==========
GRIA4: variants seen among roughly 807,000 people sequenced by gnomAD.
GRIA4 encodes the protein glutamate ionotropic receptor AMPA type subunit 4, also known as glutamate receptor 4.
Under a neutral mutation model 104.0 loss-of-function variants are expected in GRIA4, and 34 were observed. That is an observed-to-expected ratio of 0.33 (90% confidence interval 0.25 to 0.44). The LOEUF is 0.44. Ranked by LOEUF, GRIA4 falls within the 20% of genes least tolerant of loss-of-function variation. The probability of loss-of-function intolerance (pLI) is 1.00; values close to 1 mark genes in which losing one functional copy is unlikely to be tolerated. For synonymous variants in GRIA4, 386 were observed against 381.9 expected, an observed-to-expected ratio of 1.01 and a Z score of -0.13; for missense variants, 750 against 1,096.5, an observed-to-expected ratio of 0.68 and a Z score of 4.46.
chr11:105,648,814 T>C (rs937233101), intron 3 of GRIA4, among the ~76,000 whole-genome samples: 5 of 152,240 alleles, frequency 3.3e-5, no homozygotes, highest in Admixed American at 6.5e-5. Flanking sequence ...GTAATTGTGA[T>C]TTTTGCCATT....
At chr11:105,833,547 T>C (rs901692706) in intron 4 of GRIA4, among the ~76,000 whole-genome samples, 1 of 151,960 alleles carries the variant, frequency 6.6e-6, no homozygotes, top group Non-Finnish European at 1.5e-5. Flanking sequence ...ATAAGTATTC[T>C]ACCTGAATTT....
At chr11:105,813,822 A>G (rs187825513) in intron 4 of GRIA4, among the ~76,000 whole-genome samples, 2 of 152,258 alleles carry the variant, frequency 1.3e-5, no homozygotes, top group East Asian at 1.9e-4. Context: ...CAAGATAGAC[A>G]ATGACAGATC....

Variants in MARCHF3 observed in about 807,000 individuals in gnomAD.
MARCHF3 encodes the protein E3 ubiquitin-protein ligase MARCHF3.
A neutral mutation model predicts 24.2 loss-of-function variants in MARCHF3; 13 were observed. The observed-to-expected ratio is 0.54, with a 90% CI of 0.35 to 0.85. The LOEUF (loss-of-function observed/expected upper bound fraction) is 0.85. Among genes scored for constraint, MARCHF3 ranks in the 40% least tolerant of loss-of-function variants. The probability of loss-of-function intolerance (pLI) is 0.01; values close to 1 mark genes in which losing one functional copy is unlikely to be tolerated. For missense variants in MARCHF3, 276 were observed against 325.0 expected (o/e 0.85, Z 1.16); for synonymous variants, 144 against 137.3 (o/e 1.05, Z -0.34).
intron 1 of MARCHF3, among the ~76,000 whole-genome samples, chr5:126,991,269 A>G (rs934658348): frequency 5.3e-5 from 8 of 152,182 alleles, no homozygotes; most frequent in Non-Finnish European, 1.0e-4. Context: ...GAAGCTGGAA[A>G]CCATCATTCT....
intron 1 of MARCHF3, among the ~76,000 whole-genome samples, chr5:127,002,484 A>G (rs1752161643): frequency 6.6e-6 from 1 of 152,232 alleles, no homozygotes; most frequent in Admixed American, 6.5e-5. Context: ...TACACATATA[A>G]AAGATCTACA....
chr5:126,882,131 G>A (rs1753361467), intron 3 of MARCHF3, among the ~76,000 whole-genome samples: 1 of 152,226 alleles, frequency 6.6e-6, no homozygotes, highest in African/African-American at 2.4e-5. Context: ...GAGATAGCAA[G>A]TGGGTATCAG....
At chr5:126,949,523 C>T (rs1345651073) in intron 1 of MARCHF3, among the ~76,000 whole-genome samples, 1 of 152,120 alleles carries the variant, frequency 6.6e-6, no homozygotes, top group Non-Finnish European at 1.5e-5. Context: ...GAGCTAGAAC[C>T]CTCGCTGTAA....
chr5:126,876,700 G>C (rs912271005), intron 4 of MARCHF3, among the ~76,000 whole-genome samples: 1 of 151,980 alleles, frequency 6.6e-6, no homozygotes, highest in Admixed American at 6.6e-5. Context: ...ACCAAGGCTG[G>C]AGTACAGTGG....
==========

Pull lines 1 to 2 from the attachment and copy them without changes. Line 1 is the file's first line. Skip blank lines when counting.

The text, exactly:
GRIA4: variants seen among roughly 807,000 people sequenced by gnomAD.
GRIA4 encodes the protein glutamate ionotropic receptor AMPA type subunit 4, also known as glutamate receptor 4.